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Beirut (2018)

Beirut (2018)
Beirut posterRating: 6.5/10 (1,631 votes)
Director: Brad Anderson
Writer: Tony Gilroy
Stars: Rosamund Pike, Jon Hamm, Mark Pellegrino, Dean Norris
Runtime: 109 min
Rated: R
Genre: Drama, Thriller
Released: 11 Apr 2018
Plot: Caught in the crossfires of civil war, CIA operatives must send a former U.S. diplomat to negotiate for the life of a friend he left behind.

Beirut (2018)

Storyline Beirut: Mason Skiles had a great life as a diplomat in Beirut. He and his wife, Nadia, live in a beautiful house and have been mentoring a thirteen year-old Palestinian boy named Karim. The opening scene is a party that the Stiles are hosting for other dignitaries. Karim is helping out serving the guests. When a CIA friend of Mason, Cal, comes to the party he is interested only in taking Karim in for questioning about an older brother Mason doesn’t know about. What happens that night changes Mason’s life forever, along several others at the party…

Director: Brad Anderson
Writer: Tony Gilroy
Stars: Rosamund Pike, Jon Hamm, Mark Pellegrino


Thoughtful, tense thriller – ignore the haters with irrelevant agendas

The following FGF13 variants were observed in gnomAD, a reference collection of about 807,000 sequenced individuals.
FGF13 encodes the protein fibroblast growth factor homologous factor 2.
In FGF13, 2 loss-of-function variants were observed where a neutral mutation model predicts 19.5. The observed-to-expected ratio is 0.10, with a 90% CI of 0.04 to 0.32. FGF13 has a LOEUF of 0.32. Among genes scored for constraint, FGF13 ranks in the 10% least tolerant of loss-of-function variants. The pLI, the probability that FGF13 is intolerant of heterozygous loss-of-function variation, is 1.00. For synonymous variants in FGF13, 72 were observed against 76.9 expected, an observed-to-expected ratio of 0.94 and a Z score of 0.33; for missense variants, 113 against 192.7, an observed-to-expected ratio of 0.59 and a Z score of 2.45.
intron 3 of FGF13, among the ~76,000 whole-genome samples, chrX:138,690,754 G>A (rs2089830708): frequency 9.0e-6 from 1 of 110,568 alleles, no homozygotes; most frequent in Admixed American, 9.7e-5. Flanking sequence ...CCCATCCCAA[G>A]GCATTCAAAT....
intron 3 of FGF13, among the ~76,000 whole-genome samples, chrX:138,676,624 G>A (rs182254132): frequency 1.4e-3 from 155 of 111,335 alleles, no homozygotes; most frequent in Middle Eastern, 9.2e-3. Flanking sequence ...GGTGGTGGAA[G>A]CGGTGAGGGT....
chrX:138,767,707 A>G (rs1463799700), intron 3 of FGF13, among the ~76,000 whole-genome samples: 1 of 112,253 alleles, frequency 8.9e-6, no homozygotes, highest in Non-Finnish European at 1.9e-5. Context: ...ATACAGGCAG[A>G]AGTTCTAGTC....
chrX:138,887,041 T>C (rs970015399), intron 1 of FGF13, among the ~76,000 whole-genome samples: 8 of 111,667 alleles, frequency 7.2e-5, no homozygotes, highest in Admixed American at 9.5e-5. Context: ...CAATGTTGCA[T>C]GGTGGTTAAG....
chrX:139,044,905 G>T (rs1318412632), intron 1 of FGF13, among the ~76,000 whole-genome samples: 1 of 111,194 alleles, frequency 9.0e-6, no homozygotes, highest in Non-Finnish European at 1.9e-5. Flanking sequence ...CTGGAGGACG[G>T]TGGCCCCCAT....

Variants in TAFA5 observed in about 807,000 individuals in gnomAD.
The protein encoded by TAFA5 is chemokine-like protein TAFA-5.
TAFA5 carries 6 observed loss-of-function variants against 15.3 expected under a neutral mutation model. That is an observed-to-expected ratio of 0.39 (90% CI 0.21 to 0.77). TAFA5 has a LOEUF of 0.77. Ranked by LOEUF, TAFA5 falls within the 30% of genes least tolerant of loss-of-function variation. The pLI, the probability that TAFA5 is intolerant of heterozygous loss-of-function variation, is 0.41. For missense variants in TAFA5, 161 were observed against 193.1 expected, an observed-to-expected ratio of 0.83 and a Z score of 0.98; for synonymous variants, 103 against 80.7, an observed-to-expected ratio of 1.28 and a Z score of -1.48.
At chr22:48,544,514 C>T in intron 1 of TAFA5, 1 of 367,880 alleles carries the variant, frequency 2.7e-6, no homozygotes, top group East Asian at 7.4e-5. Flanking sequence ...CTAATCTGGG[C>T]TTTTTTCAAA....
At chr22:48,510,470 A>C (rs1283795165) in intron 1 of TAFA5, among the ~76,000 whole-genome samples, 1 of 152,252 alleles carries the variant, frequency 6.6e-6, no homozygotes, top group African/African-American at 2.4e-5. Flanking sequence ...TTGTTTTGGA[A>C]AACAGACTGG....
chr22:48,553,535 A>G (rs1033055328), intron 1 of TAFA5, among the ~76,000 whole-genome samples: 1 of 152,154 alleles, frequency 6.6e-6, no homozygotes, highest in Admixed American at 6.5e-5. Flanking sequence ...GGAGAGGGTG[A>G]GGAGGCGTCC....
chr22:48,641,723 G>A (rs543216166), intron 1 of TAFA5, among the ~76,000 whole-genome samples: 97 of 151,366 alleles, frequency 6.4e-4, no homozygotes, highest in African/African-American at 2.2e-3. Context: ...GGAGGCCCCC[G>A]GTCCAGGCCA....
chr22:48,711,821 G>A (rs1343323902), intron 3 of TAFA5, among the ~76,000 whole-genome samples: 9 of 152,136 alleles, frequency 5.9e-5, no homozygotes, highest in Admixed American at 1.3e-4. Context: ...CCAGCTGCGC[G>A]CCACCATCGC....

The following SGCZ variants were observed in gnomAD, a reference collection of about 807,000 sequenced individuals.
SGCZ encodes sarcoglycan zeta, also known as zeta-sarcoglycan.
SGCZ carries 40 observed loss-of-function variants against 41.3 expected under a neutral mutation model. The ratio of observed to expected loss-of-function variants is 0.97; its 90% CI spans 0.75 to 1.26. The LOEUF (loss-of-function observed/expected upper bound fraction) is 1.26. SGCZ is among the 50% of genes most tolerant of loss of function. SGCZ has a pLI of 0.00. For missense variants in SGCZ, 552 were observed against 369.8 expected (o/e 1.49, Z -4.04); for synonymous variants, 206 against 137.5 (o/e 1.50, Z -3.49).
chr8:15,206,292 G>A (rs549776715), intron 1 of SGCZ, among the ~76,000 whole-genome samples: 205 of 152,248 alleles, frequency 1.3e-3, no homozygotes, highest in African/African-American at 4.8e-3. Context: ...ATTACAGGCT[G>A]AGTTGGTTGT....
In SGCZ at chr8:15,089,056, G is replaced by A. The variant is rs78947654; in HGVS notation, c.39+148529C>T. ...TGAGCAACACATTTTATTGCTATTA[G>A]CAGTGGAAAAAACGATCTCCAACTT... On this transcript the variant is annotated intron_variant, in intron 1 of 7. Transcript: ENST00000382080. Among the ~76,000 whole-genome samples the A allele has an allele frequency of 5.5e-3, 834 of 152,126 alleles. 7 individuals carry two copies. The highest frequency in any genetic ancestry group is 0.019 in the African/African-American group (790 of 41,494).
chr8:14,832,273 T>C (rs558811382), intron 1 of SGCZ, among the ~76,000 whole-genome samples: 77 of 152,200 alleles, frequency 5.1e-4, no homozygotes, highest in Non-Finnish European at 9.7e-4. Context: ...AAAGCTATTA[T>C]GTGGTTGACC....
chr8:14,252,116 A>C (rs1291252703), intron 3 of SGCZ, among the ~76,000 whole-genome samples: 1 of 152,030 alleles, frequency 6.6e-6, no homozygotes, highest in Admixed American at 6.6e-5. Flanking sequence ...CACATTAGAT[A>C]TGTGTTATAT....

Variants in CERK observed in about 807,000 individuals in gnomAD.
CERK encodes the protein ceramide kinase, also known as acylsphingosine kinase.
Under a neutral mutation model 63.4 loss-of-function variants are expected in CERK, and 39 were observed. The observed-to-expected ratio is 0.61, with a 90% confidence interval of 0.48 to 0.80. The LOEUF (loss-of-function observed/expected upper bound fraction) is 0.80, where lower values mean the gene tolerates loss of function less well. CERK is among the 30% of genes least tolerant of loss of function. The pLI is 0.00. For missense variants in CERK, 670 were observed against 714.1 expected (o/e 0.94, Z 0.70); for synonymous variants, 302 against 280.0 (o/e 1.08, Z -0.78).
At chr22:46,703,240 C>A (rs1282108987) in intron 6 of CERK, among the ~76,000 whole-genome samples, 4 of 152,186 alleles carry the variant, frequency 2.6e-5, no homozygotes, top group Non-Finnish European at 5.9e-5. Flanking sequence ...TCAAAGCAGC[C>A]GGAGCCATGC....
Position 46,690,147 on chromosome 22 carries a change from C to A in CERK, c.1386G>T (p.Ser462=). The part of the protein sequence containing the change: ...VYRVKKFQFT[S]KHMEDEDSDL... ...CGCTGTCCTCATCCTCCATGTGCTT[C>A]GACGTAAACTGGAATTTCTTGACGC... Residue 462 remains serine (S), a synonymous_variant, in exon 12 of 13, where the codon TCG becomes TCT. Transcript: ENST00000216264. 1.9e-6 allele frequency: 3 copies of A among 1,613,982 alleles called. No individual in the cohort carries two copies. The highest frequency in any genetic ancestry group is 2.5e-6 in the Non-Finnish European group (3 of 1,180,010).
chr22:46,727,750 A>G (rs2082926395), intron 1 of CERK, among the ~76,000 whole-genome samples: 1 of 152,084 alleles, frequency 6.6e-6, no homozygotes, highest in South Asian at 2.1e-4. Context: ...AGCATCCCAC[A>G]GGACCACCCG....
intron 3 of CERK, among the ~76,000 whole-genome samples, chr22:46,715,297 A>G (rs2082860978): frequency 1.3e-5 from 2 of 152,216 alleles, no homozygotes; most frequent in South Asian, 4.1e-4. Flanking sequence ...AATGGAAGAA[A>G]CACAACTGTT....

Where this film was shot is irrelevant. “Casablanca” was short on the Warner Bros. lot, so what — it’s garbage?”Beirut” is a complex, multi-layered thriller, reminiscent of conspiracy thrillers of the ’70s. But unlike those earlier thrillers, which though much beloved by me are somewhat dated by their breathless realization that governments lie and conspire and murder, “Beirut” tells its story with a modern sensibility. Yes, CIA was complicit in so much, but individual human beings, even those in CIA, lived and loved and aspired to connect to the people around them — in this case, the people of Lebanon. Is everyone in the cast Lebanese? I don’t know. But I suspect a search through the IMDB cast list will reveal much more authenticity in the casting than the naysayers here complain about. And remember, Beirut was considered the Paris of the Middle East, a cosmopolitan crossroads of cultures. Within the confines of a taut story about the kidnapping of a CIA officer and an outsider’s attempt to rescue him while still maintaining some sense of dignity for himself and for the locals he’s known for years, the film expertly capture the sadness of a semi-paradise turned hell.Jon Hamm, Rosamund Pike and the rest of the cast are excellent. This is a story about American actions in a foreign land. There’s enough blame to go around — CIA, Mossad, the White House — all have their competing agendas. That this American film focuses on American CIA and State Dept. characters, and a couple of key Lebanese characters, is hardly a weak point.

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